In 1968, the Atlantic-Richfield Company discovered oil at Prudhoe Bay on the Arctic coast. In order to lessen the difficulty of drilling at such a remote location and transporting the oil to the lower 48 states, the oil companies proposed to build a pipeline to carry the oil across Alaska to the port of Valdez. At Valdez, the oil would be loaded onto tanker ships and sent by water to the contiguous states. The plan was approved, but a permit to construct the pipeline, which would cross lands involved in native land disputes, could not be granted until the Native claims had been settled. With major petroleum dollars on the line, reaching agreement had new urgency, and in 1971, the Alaska Native Claims Settlement Act was signed into law by President Nixon. It abrogated Native claims to aboriginal lands. The Federal Government assumed control of territories occupied for thousands of years by indigenous peoples. Native claims to almost all of Alaska were extinguished in exchange for approximately one-ninth of the state's land plus $962.5 million in compensation distributed to 200 local village and 12 Native-owned regional corporations. Natives were made shareholders in their regional corporations and expected to assimilate into a capitalist, corporate society. While the reduction of land and water reserves for subsistence hunting and fishing; the fading of local knowledge; and the influence of media and consumerism; force a growing dependence on the products and routines of the global cash economy, shareholder dividends in Kivalina (where a gallon of gas costs $9.00) average around $1,400.00 per year. In 2013 dividend payments to Kivalina shareholders were $0.00.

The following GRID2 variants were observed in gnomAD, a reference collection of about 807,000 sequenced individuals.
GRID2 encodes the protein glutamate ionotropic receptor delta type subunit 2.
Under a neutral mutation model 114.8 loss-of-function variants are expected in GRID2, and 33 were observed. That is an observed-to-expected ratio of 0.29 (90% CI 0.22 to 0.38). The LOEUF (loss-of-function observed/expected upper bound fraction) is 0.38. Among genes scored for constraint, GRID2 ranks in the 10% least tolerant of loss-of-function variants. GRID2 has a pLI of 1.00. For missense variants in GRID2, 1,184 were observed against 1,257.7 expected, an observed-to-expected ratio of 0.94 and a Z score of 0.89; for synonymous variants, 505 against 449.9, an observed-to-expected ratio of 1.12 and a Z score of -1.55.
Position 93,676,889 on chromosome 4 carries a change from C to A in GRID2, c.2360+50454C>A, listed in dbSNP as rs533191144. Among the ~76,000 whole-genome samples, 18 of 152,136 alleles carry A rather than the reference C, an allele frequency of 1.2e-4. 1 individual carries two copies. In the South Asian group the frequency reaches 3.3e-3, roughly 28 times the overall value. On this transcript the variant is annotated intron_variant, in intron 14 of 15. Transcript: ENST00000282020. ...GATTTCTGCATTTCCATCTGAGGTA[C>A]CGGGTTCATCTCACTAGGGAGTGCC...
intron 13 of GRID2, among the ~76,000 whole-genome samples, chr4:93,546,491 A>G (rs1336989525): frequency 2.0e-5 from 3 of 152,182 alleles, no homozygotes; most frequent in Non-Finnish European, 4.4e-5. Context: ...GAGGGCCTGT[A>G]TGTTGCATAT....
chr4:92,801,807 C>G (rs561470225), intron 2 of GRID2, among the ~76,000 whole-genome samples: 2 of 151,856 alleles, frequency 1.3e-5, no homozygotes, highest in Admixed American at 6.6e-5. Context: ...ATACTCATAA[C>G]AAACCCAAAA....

An estimated quarter of the world’s undiscovered oil deposits are in the North and global energy companies are exploring offshore from Kivalina in the heart of whale migration routes. As the Earth continues to warm, subsistence communities like Kivalina must adapt to significant changes in animal and plant behavior and face potential destruction from rising tides. In 2006, the U.S. Army Corps of Engineers concluded that coastal erosion, exacerbated by climate change, would render the island of Kivalina uninhabitable within 10-15 years. Village leaders work toward relocation, but are consistently frustrated by their dealings with State and Federal officials. The Army Corps of Engineers generated a major study of relocation options that considered material logistics, engineering in response to site conditions, land ownership, and siting demands related to subsistence practices. Costs are high (an estimated 400 million dollars to relocate a village of approximately 400 people), proposed development solutions have been standardized and insensitive to people and place, support from governmental and corporate agencies is insufficient. Relocation efforts have come to a halt under the weight of these deficiencies, while the very idea of future relocation, which has been in play for roughly 65 years, has provided regional and federal governments with a rationale for postponing improvements to health and safety infrastructure on the island. Thus, the community continues to live without toilets, running water, and safe disposal for human and other wastes. The future must be addressed with urgency and sensitivity.